I’m aware that I’ve not approached the three r’s in the traditional procession of reading, writing and arithmetic. Rather, from most difficult to easiest, arithmetic, writing and reading, at least for me!
Once upon a time I bought the idea, sold en masse, that reading couldn’t be accomplished outside of a kindergarten, phonics program or easy reader series. I no longer buy that message. Each of my children have had different approaches in learning to read, none of them determined by me. And so I believe the process to be highly individualized…as long as there are words to be read on signs, advertisements, books and magazines laying around ones’ house, the child will read. And of course, if children are read to regularly, they will indeed want to read.
My girls began their letter and phonics awareness at different ages, but all of them approached it differently. Our first daughter attempted to read before the first grade. She had been given a solid phonics program in kindergarten, and if I’m honest, I don’t entirely remember the approach of the phonics program (though I do remember houses with word families and daily review). This wasn’t particularly welcome by that child, but then, most everything I’ve introduced hasn’t been welcome, rather, with the independent soul that she is, received as an intrusion.
I was intent on teaching her, though, because I was worried her first grade teacher, known to be a tough cookie, would be trouble for my daughter. As with everything, my eldest daughter put up a good fight. There was a raised voice (mine, of course), irritation that she was fogging (my irritation of course)…at the time, I wondered if it was intentional. Now I don’t believe so and I wished I hadn’t pushed it the way I had. No matter–still, no case can be made that she was eager.
Our second daughter, always on task and eager to please, was already sounding out words before kindergarten. Her kindergarten experience didn’t significantly advance her sounding out ability, though she did learn to hand sign all her letters with the ASL wall poster. I didn’t begin another phonics program with her after kindergarten. I did acquaint myself with a few phonetic English concepts though…ones that I took for granted and discovered I understood intuitively, reading words based on how I heard them pronounced not how they phonetically made sense. We just began reading with this daughter, based on her interest. She could read one paragraph or sentence, and I would read the next. The phonics training was for me. She learned to read easily, without effort. Phew, at least there was one!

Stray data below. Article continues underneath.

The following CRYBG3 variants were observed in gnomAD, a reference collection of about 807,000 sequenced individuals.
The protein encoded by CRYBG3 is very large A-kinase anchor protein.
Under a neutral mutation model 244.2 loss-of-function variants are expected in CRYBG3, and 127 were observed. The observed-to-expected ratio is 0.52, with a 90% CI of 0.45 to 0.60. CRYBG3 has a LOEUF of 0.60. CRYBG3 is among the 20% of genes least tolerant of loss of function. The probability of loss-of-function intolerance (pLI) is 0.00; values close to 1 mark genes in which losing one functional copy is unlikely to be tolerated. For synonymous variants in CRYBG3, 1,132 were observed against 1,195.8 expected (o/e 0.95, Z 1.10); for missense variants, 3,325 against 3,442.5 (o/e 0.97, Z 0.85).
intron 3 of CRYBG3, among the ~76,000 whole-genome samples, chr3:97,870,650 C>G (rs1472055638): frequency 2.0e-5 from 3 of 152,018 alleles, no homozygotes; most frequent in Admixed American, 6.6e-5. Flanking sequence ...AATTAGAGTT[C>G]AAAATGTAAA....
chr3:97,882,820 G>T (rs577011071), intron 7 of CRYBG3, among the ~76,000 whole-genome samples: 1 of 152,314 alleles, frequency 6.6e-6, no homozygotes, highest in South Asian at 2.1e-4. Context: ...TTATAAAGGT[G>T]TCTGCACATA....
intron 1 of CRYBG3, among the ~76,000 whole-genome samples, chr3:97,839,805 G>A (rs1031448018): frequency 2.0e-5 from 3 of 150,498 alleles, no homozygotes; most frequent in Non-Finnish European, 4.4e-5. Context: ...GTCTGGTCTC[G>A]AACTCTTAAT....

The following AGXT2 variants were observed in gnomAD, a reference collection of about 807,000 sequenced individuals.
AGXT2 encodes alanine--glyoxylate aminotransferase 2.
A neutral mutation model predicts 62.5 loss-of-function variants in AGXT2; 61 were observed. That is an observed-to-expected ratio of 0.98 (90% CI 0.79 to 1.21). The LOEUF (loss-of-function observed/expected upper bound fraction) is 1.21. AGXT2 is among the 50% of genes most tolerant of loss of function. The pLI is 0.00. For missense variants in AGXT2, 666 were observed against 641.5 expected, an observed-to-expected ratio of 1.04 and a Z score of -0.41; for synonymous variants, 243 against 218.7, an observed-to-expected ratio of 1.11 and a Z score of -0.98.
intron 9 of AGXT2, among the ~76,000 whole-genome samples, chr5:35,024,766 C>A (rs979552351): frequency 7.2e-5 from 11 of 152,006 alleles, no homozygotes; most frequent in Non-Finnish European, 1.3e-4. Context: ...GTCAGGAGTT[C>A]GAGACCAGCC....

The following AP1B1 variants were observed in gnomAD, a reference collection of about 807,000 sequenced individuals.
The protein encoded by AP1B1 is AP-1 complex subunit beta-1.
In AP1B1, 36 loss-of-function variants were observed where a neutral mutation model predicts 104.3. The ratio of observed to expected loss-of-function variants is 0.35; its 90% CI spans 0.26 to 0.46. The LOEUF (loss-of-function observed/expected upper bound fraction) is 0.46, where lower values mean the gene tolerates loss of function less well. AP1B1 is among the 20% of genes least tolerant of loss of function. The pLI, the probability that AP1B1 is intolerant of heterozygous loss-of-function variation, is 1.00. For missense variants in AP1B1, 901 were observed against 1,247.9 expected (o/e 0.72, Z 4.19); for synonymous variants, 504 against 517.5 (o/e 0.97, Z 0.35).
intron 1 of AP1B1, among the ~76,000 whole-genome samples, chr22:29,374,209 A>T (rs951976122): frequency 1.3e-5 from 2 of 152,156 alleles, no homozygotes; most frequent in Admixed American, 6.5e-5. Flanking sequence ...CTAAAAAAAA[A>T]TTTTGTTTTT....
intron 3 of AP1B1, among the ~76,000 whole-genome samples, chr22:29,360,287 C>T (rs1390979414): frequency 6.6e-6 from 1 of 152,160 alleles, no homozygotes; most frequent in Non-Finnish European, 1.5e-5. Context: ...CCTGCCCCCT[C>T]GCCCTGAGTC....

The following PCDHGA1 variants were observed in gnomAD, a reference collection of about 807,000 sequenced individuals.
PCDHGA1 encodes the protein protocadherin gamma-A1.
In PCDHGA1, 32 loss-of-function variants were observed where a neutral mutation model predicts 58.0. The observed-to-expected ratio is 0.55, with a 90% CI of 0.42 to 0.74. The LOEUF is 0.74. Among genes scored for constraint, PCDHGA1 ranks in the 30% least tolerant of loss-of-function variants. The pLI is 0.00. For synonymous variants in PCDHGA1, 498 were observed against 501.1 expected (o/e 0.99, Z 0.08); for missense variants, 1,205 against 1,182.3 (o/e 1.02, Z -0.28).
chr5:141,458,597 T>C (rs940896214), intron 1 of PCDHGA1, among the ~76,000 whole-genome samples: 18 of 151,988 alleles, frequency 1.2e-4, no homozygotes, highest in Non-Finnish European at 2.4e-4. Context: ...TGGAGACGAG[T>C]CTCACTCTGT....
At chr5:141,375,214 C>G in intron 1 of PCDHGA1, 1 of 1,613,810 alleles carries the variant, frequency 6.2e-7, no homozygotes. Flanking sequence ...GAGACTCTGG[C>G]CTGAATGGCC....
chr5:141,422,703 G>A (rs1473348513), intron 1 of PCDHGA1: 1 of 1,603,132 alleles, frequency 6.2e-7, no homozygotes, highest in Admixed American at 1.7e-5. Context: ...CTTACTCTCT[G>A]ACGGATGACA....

Our third daughter began sounding out words when she was three, before I would have thought about it for her. I vainly attempted to introduce a phonics program, as I understood that as the thing to do at her five year old age. I tried sitting her on my lap, reading with her any favourite books. No go. She would have none of this prescribed stuff. She could read: I knew she could. But she wouldn’t.
Through my third daughter, I learned the child first needs to have a listening, responsive heart toward her parent’s instruction. That needed to be remedied first. Also, she sensed my intensity and anxiety and fought it every step of the way. I had to relax and wait for her interest to initiate the seemingly daunting task of reading. Thirdly, I discovered she was sight reading, or memorizing words. Winning memory games with her parents since she was three, this shouldn’t have been surprising, but I didn’t see the connection. My phonics helps were little value to her as she validated the whole word movement of the 1970s. Now she reads, reads, reads. Ever the sweet, little girl heart that she is, this seven year old still happily have me read her picture books when she sits on my lap.
Our fourth child is a four year old son. I joked for a long time that he’d probably up the average of our children’s reading start, as each successive child kept reading earlier and earlier. I joked that he might be twelve. Turns out he’s been sounding out letters for the last six months. He’s eager and ripe for sounding stuff out, because he wants to. And I now know better than to rush the process…always the benefit of the youngest child, a more experienced parent!
No matter which child, I have seen a recurring pattern–that of an independent interest in reading occurring somewhere at the end of second grade. Their interest takes off like an air balloon awaiting the filling of the gas and, whoosh, they’re off and soaring on the literary clouds. As long as we maintain prescribed times of quiet where they can pursue reading, such as before bedtime, or an afternoon quiet time, and there are limits to screen time, there will always be children reading somewhere in our house.
Curiously, there are no easy answers, as there are no two children created alike. But there aren’t nearly as expensive and complicated solutions as some would have us believe. Sage advice given to me by a seasoned home educating mother of five a few years ago: children can’t be forced to read. One can bring a horse to the trough, but can’t make her drink. One can lead a toddler to the toilet, but not make her pee. One can bring the child to the book, but not make her read.